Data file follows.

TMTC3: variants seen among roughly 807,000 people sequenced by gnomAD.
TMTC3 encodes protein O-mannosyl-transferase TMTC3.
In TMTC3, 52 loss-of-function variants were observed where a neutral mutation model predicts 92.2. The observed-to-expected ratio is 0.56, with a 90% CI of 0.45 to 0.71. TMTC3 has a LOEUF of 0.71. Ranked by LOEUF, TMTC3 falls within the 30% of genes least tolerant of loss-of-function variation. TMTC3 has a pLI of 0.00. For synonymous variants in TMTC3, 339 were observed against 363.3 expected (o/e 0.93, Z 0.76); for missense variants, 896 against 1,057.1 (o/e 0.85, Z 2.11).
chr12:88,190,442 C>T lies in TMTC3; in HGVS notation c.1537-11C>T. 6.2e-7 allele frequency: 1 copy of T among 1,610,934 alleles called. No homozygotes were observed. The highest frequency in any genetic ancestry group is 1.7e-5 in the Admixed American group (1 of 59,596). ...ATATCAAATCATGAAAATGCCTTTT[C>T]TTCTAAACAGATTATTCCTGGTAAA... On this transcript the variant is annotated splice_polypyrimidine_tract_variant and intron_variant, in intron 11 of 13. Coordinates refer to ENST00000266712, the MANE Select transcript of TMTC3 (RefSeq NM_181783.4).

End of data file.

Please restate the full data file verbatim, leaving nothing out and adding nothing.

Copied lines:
TMTC3: variants seen among roughly 807,000 people sequenced by gnomAD.
TMTC3 encodes protein O-mannosyl-transferase TMTC3.
In TMTC3, 52 loss-of-function variants were observed where a neutral mutation model predicts 92.2. The observed-to-expected ratio is 0.56, with a 90% CI of 0.45 to 0.71. TMTC3 has a LOEUF of 0.71. Ranked by LOEUF, TMTC3 falls within the 30% of genes least tolerant of loss-of-function variation. TMTC3 has a pLI of 0.00. For synonymous variants in TMTC3, 339 were observed against 363.3 expected (o/e 0.93, Z 0.76); for missense variants, 896 against 1,057.1 (o/e 0.85, Z 2.11).
chr12:88,190,442 C>T lies in TMTC3; in HGVS notation c.1537-11C>T. 6.2e-7 allele frequency: 1 copy of T among 1,610,934 alleles called. No homozygotes were observed. The highest frequency in any genetic ancestry group is 1.7e-5 in the Admixed American group (1 of 59,596). ...ATATCAAATCATGAAAATGCCTTTT[C>T]TTCTAAACAGATTATTCCTGGTAAA... On this transcript the variant is annotated splice_polypyrimidine_tract_variant and intron_variant, in intron 11 of 13. Coordinates refer to ENST00000266712, the MANE Select transcript of TMTC3 (RefSeq NM_181783.4).